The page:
The governor also suggested he is open to discussing what to do with Oahu’s outdated jail in Kalihi. He has proposed building a new jail in Halawa, although a recent task force reported that the state’s focus should be on rehabilitation, not incarceration.
“If we are legally obligated to carry out judgments of the courts whenever confinement is ordered, then let’s do it in a way that doesn’t make matters worse for those incarcerated,” he said. “If we disagree on the location, how big it should be, or the programming offered — fair enough. Let’s work together.”
Other highlights from the speech:
increased funding for land conservation by removing the $6.8 million cap on the 10 percent conveyance tax to the Legacy Land Conservation Program;
$3.9 million over two years for Sustainable Hawaii initiatives to support biosecurity, watershed protection and the Agricultural Loan Revolving Fund; and
$35 million for homeless programs.
Ige closed as he opened his State of the State — by looking to the next generations.
“Alekah Obra Garcia is our future and we welcome her with loving open arms,” he said. “We have a job to do to prepare these islands for her, so let’s get started — shall we?”
Where’s The Money?
Updated:Ige’s speech was well received by top lawmakers. Senate Majority Leader J. Kalani English, for example, said the speech aligned well with the Senate’s legislative agenda. House Speaker Scott Saiki said it was one of the best speeches he had heard the governor deliver.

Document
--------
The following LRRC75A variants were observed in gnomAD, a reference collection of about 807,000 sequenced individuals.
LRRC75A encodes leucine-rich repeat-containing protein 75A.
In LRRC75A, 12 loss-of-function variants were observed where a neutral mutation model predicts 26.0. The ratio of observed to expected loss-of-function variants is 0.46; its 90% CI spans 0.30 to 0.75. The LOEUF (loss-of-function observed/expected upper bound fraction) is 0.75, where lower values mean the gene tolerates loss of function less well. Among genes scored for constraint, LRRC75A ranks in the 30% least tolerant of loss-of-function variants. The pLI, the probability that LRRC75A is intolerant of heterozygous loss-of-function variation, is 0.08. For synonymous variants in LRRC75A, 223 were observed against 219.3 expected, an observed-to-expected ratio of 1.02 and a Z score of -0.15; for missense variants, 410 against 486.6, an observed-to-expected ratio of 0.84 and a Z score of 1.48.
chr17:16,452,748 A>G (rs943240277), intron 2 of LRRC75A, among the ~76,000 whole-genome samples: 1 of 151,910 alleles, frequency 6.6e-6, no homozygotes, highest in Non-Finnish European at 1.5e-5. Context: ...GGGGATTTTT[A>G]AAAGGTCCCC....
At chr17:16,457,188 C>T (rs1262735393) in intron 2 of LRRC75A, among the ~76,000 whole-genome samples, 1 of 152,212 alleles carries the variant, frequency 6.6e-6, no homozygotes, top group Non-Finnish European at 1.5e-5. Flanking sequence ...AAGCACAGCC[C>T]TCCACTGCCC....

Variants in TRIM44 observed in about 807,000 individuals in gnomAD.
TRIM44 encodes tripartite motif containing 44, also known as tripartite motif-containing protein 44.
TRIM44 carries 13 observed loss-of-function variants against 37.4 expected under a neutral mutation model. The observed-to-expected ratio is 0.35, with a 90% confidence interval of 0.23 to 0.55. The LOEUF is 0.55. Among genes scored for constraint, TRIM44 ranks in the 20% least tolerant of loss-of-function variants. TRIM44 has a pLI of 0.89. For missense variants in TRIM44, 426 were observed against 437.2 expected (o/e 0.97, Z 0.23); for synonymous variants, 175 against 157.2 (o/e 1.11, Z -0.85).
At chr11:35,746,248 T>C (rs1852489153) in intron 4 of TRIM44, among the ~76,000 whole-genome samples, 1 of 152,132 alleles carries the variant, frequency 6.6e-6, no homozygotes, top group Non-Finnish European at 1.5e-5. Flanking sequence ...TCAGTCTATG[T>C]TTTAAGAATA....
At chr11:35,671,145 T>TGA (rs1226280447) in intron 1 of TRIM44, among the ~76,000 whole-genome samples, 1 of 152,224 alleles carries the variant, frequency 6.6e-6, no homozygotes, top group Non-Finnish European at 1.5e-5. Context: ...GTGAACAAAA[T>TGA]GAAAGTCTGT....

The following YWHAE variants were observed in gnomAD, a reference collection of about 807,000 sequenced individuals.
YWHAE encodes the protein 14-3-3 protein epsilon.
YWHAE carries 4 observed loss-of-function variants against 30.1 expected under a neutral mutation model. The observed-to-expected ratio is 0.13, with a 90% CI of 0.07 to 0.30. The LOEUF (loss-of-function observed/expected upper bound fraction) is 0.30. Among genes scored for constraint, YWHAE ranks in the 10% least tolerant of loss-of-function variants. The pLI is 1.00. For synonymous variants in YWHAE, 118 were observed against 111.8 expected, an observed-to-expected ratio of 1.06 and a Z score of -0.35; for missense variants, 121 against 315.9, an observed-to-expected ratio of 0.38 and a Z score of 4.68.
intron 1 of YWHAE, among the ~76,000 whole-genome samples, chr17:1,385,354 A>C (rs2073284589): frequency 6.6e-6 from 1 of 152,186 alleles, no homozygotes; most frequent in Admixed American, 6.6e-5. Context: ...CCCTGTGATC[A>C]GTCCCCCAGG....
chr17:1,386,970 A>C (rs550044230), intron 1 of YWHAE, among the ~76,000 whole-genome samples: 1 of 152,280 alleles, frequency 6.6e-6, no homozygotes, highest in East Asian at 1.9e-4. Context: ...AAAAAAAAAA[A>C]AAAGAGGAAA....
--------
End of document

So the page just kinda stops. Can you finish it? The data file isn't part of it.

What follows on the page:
But they and other lawmakers want to see more specifics when it comes to financing key proposals.
Sen. Gil Keith-Agaran, the assistant majority whip, said, “He did just make sort of broad outlines, and it was fairly modest in certain respects. I think there is some interest in the Senate to go a little but further. Just as we went a little bit further with homeless programs and housing last year, and with disaster relief.”
Senate Vice President Michelle Kidani, who also chairs the Senate Education Committee, welcomed Ige’s ideas on education but said she did have some concerns, primarily financial.
“There are only so many dollars that are going to go around for that preschool venture, pre-K adventure,” she said. “I think it’s most important that we do that. All of us totally believe in early learning, and it’s just a matter of how we cut up the pie to do this.”
English and Keith-Agaran, who represent neighbor island counties, said they generally support Ige’s proposal to lift the TAT cap for all four counties.
“The question is going to be where exactly is that money coming from — is it coming out of the general fund? Or is it coming out of HTA’s portion of it,” said Keith-Agaran, referring to the Hawaii Tourism Authority. ‘We’re waiting to see what the governor’s actually proposal is. But in general, as someone from a neighbor island county, we’ve been looking forward to getting this money back for a long time.”